In the first place, causes of bladder cancer are multifactorial and it is a disease of the elderly with a peak at around 60 to 70 years. In the U.S. the male to female ratio is about 3 to 1.
Moreover, in the last few years more women developed bladder cancer due to the increase of numbers of women who started to smoke in the past decades. Significantly, the lag period for developing bladder cancer from exposure to cigarette smoke is 19 plus minus 3 years.
The relative risk ratio for both whites and blacks is about 1.6 every year of exposure. This means that in 5 years of smoking the risk is 8-fold in comparison to non-smokers to develop bladder cancer.
Occupational risks of developing bladder cancer
In general, occupational risks are common: exposure to aniline with dye workers, working with organic chemicals such as aryl amines, aniline, dye, rubber and paint leads to an increased risk of bladder cancer. Exposure to diesel fumes or exhaust from cars in urban areas has no link to bladder cancer. Specifically, chronic abuse of phenacetin in the past, particularly in the Swiss watch industry, was linked to bladder cancer.
Notably, there were initial suggestions in animal models that dietary sweeteners might promote bladder cancer development when carcinogens were given at the same time. But four well controlled studies in humans could not show any bladder cancer from cyclamate and saccharin. It is interesting that many people still hold on to the fears that were generated by the popular press generated from these poorly conducted animal experiments despite the proof that diet sweeteners are safe from a cancer perspective.
Cigarette smoking can cause bladder cancer
Certainly, the strongest association that is reported in the literature is that between cigarette smoking and bladder cancer. Indeed, study after study shows an association between the amount of cigarettes smoked, the duration of years of exposure and bladder cancer risk. The more and the longer people smoke, the more the carcinogens attack the very susceptible bladder lining leading sooner or later to changes in the cell structure.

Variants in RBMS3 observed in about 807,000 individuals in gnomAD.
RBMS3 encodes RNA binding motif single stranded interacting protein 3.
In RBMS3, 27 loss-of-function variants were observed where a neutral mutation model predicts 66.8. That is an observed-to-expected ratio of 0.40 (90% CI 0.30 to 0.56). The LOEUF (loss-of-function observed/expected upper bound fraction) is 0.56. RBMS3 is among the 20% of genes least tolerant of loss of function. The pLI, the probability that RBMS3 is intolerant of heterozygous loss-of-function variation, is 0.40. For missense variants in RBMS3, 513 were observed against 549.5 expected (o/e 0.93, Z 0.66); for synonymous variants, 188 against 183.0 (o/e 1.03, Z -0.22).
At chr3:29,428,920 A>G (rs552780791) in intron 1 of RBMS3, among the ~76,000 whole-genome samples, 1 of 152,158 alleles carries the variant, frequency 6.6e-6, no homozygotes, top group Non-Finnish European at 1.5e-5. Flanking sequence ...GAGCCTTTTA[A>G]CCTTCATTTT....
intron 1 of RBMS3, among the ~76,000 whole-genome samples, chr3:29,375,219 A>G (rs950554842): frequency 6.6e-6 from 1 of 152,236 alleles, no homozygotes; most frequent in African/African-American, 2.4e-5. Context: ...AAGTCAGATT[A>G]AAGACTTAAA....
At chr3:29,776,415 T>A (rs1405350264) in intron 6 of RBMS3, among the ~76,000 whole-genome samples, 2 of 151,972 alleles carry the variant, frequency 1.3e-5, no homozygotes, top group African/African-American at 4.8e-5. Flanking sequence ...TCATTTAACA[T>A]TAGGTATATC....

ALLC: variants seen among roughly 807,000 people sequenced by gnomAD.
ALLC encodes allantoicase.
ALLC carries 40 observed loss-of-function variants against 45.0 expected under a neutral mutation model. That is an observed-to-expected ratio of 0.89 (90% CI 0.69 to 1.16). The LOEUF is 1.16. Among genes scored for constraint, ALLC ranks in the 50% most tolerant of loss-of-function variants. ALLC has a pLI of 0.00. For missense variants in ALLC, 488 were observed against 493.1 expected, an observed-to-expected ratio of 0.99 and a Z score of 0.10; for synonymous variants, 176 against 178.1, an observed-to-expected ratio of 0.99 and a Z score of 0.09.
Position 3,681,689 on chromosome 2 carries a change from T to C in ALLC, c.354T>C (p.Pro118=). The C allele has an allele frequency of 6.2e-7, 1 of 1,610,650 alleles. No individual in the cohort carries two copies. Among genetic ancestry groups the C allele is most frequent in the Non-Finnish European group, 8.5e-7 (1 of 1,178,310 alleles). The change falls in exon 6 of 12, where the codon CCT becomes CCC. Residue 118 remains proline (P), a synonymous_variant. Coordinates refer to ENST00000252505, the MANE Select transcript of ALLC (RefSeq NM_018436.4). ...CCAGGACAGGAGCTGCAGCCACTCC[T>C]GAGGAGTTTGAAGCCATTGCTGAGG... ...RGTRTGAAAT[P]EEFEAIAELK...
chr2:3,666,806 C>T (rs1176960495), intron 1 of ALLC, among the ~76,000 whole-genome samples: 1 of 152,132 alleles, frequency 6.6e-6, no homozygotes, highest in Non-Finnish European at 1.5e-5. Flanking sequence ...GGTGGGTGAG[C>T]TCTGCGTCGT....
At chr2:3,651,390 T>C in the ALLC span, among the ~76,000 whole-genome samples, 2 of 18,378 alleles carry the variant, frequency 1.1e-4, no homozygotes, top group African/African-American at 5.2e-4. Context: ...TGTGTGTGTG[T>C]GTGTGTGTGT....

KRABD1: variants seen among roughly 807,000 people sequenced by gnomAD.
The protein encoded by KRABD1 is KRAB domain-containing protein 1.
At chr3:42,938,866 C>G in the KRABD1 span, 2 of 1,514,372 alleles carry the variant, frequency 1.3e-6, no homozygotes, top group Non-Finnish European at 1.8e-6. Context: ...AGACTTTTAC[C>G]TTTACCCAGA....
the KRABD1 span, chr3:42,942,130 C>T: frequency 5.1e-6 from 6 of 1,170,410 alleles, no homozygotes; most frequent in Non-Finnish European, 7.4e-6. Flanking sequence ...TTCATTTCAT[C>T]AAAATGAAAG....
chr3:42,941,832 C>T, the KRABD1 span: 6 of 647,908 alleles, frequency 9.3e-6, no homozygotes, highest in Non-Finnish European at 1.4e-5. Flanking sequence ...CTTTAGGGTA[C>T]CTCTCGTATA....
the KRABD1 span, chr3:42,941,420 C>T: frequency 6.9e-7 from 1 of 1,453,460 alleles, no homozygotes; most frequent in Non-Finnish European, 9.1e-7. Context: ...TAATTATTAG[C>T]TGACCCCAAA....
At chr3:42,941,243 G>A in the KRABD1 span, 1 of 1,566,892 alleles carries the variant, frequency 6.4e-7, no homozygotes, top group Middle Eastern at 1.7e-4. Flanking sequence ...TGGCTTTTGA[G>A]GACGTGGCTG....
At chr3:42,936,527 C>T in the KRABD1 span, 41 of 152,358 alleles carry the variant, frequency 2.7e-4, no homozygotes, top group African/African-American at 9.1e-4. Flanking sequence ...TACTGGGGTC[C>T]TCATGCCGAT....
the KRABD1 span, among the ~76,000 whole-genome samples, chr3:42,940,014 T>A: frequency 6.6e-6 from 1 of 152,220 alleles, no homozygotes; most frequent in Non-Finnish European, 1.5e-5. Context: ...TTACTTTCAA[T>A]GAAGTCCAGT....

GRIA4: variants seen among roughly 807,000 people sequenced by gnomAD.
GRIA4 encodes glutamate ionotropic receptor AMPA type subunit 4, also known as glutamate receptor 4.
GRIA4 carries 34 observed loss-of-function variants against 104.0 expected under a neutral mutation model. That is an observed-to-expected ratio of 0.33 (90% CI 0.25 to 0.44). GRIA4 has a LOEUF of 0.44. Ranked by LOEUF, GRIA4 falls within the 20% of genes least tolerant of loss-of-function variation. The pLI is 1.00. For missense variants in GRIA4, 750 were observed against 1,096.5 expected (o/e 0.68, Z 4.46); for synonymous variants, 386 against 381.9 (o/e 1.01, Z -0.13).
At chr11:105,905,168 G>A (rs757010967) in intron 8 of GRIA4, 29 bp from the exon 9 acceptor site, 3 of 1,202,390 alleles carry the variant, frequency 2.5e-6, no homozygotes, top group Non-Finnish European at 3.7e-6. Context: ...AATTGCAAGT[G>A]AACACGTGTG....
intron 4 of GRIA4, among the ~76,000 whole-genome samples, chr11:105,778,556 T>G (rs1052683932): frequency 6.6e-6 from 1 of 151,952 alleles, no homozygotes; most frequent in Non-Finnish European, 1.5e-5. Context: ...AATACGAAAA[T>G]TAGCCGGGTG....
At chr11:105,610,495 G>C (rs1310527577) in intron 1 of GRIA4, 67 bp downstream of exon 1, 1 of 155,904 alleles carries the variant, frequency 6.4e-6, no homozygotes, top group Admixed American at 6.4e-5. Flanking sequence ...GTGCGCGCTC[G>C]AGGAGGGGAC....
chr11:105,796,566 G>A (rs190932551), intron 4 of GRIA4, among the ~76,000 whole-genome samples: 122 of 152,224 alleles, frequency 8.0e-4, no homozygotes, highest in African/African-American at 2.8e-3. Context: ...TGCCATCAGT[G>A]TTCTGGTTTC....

The end result is what physicians call a “transitional cell carcinoma”, just a fancy name for “bladder cancer”. It is important to realize that 95% of bladder cancers are of this pathological type (Ref. 1 and 2).
It must be remembered that chronic bilharziasis (also called “schistosomiasis”) leads to chronic bladder irritation and bladder ulcerations, followed by the development of papillomatous masses in the bladder. These often turn into bladder cancer. This is not a problem in the U.S., but is very common in other countries such as in African countries, also in Brazil, Venezuela, some Caribbean islands, China, the Philippines, Laos and Cambodia.
A point often overlooked is that the bladder cancer producing effect from having bilharziasis is as strong as exposure to cigarette smoking. If a patient with bilharziasis smokes as well, the bladder cancer causing effect certainly can get more pronounced.
Recurrent bladder infections can cause bladder cancer
Another key point is that patients with bladder infections, particularly when these are chronic recurrent, have a higher risk for bladder cancer. Researchers have investigated the cause for this. In this case they found that bacteria in chronic bladder infections produce nitrates and nitrosurea. To clarify, these are carcinogens that are responsible for the development of bladder cancer. This type of mechanism leads to a different histological type of bladder cancer, called “squamous cell carcinoma”, which is only found in about 3% of all bladder cancers.
A minority of bladder cancer cases is caused by genetic factors, partially because of chromosomal breaks, chromosomal deletions or alterations. There are also familial genetic syndromes, where patients younger than 45 years of age come down with bladder cancer.
There is a suggestion that milk and vitamin A protects from the development of bladder cancer.
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